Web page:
Is the Mentor supposed-to-know?

An unlikely series of proposals this week have me reflecting on the nature of mentorship.

In the first case, a young student who took a class with me began to meet me at the cafe often. She was interested in receiving scholarly advice from me and yet the discussion seldom strayed from her own personal (romantic and mental health) issues. Of course I was happy to oblige until the situation escalated and I was forced to inject some distance between us. I’m not sure to what degree this could be a case of transference.

In the second case, a woman from the other side of Canada asked me to be a mentor to her after she friended me on facebook. She refuses to reveal her identity and she speaks often of her struggle to socialize with others. She is concerned about the fact that she has no ‘spirit’ or ‘passion’. She is concerned about her own inabilities as a student and thinker, and yet she carefully crafts her sentences with expensive words. I have found some ‘spirit’ in her when I deliberately provoke her, when I confront her with her own words and plays on words.

In the third case, an older man, older than myself, who has been a facebook friend for quite some time has approached me for mentoring. He insists on paying me and on my imposing upon him a strict system of milestones. He further insists that he requires somebody to be very harsh on his writing. He wants somebody to impose a reading routine on him so that he can get his work done – he feels he needs lose something (money, time, etc) in order to progress in his work.

Here, I am prone to argue that the task of the mentor is resolutely not to impose knowledge or curricula. Neither is it to necessarily assist a student with their writing, their marketability, their know-how, and their professional development. Certainly, some degree of that is necessary, but far more important is it to regularly confront the student with their own desire.

Of the three students, I can feel, already, some ‘spirit’ coming out of the second student. This is a student I would have least suspected of change – indeed, she least suspects herself capable of change. I believe that the first student needs distance from mentors, for fear of deepening the transference beyond analytic intervention. Unfortunately, I responded to the lures much too soon and this is what accounted for the breaking of the relationship.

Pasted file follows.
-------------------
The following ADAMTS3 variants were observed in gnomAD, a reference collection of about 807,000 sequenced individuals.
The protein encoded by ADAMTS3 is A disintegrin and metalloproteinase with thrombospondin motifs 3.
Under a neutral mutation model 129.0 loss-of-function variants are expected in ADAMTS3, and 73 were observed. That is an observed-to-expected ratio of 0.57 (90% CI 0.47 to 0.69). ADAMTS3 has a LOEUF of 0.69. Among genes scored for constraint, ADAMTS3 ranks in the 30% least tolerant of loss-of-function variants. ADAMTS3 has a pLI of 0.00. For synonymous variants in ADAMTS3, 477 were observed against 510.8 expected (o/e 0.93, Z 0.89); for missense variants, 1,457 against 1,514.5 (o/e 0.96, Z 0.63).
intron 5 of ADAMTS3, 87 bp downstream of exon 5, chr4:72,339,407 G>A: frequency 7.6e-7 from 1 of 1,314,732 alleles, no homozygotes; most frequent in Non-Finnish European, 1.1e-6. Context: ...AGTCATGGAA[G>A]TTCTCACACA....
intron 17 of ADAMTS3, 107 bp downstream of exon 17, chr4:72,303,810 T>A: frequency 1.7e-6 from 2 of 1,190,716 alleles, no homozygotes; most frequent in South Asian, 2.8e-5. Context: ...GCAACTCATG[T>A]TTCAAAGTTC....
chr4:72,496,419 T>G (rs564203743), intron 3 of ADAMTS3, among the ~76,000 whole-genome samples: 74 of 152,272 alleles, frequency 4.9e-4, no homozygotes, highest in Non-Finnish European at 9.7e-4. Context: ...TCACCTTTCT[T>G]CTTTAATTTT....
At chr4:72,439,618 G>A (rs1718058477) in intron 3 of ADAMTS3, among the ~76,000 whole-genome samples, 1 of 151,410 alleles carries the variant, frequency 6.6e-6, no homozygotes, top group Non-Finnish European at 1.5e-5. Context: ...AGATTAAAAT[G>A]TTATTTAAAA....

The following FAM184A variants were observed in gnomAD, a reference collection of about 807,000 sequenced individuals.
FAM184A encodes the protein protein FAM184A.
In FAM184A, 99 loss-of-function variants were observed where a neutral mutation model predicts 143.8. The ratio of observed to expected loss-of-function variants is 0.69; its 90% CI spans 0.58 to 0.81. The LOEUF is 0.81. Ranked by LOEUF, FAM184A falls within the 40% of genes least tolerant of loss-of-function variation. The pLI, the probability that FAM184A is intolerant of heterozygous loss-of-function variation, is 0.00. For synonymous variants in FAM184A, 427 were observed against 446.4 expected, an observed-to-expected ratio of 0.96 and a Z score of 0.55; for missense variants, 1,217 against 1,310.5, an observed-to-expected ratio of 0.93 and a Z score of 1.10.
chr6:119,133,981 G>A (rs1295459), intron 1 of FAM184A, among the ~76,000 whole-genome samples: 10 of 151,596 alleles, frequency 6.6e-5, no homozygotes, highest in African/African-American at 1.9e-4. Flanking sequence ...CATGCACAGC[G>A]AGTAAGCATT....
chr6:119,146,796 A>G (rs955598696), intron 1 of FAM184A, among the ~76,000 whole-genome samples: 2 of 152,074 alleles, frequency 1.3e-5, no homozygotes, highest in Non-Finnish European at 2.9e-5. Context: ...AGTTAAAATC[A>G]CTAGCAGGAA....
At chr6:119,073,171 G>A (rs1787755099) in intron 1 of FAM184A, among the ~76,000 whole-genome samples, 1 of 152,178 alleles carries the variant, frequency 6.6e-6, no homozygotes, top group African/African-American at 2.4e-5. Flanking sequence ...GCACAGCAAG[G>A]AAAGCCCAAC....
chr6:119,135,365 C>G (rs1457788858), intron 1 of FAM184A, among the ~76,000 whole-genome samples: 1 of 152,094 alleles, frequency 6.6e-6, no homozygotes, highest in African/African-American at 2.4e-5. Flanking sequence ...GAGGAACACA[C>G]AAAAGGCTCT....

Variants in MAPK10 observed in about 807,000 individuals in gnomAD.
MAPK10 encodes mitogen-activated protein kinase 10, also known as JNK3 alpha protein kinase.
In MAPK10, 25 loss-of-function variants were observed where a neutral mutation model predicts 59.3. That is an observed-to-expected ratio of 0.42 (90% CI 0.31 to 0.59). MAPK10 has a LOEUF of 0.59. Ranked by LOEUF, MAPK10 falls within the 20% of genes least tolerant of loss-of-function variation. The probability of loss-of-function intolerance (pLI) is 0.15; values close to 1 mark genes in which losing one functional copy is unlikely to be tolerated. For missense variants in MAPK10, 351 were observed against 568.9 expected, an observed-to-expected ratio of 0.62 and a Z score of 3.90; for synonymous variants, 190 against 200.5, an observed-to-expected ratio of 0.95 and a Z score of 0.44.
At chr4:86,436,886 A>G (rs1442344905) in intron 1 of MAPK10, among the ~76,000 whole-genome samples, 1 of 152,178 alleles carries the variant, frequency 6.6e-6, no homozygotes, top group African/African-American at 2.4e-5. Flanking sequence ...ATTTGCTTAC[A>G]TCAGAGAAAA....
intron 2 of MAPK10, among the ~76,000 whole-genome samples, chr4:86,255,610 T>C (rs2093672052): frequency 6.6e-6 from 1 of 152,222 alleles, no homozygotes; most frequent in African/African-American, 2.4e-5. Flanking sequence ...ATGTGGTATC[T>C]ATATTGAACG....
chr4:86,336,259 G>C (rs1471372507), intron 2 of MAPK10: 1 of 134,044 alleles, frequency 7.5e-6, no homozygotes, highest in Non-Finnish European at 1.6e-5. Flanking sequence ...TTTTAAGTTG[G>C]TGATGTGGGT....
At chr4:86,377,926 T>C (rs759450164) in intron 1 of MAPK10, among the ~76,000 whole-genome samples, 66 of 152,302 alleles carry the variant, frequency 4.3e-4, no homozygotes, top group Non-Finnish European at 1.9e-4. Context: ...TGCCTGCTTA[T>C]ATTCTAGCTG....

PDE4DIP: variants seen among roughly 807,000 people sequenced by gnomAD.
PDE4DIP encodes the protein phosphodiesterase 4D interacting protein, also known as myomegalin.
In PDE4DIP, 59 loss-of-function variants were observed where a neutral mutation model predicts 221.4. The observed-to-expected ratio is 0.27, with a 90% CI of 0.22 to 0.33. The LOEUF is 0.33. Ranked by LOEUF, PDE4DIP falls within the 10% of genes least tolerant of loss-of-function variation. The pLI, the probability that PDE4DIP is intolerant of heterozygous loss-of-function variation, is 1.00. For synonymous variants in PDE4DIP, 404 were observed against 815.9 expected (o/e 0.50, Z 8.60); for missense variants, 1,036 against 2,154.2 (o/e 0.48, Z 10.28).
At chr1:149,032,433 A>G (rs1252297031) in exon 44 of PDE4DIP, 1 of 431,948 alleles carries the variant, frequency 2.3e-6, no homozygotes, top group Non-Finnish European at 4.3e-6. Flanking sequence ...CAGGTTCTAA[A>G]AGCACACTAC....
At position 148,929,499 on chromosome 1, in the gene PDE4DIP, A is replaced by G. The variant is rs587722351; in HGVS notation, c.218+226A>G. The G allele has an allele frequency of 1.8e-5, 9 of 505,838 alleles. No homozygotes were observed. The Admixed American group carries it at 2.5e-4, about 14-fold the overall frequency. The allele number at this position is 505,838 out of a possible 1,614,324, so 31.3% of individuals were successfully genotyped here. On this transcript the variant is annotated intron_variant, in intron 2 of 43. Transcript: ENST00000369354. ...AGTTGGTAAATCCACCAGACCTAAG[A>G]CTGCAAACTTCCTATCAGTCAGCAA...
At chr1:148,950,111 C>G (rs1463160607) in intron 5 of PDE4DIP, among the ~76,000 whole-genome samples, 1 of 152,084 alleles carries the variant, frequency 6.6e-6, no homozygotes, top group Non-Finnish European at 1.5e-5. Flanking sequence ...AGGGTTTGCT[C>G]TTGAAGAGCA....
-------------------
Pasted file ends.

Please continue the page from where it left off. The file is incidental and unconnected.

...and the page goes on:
All of this is simply to suggest that the first responsibility of a mentor is not to be a subject supposed to know.

Notes – Lacan’s Seminar on Anxiety (X): 12 December 1962

Note: It is important to point out at the beginning that these notes should not be read as independent blogs. They are to be read in order, beginning at the first set of notes for the first class of this seminar on anxiety.

Who’s afraid of object a? Lacan seems to intimate that there is a relationship between the void and object a. The English word “void” has a close relationship to the word “vacuum” (vacuus in Latin, for “void”). It makes sense, then, that Lacan finishes the seminar by mentioning Blaise Pascal’s courage when faced with the void. Indeed, it seems that Pascal carried out his experiments on the vacuum precisely because he was interested at some level in his own desire. I called his pursuit “courageous” for two reasons. First, because it lends itself to a Badiouian analysis of the subject’s relationship to the void:

We must also have an affect which goes against anxiety, and this affect is courage. Courage gives the human animal the means to go beyond anxiety. There is a dialectical relationship between courage and anxiety and it is at the very core […] [of subjectivation]. Anxiety is something like a new subjective knowledge of the situation, and courage is the affect that goes against anxiety in the direction which exists by the anxiety itself. […] Only when anxiety exists can the therapy for anxiety provide us with courage (Alain Badiou, The Subject of Change).

Courage, as a political, existential, and, indeed, clinical category was developed with considerable energy by Alain Badiou. I find this compelling and I want to pursue it in the Lacanian context. Second, I use the word “courage” here because it brings us back to Lacan’s discussion of Freud. Recall that Lacan described Freud as “courageous” precisely because he, unlike Breuer, made use of his anxiety (it was in 5th of December 1962 seminar). Pascal’s courage was therefore the courage to go beyond the anxiety that others had when faced with ‘nature’. Okay, okay – but what is this “nature”? Lacan adopts a broader definition of nature (broader than the standpoint of physics). “Nature abhors a vacuum,” Pascal famously stated. Lacan groups all of human civilization into “nature” such that Pascal was up against everything and everybody in his articulation of the void; nature, then, is something like the reality principle. It pressures us to change our path of pleasure. The abhorrence of the void – which, to be sure, is a desire – came from all learned men surrounding Pascal. Indeed, there is always atmospheric pressure when faced with the void.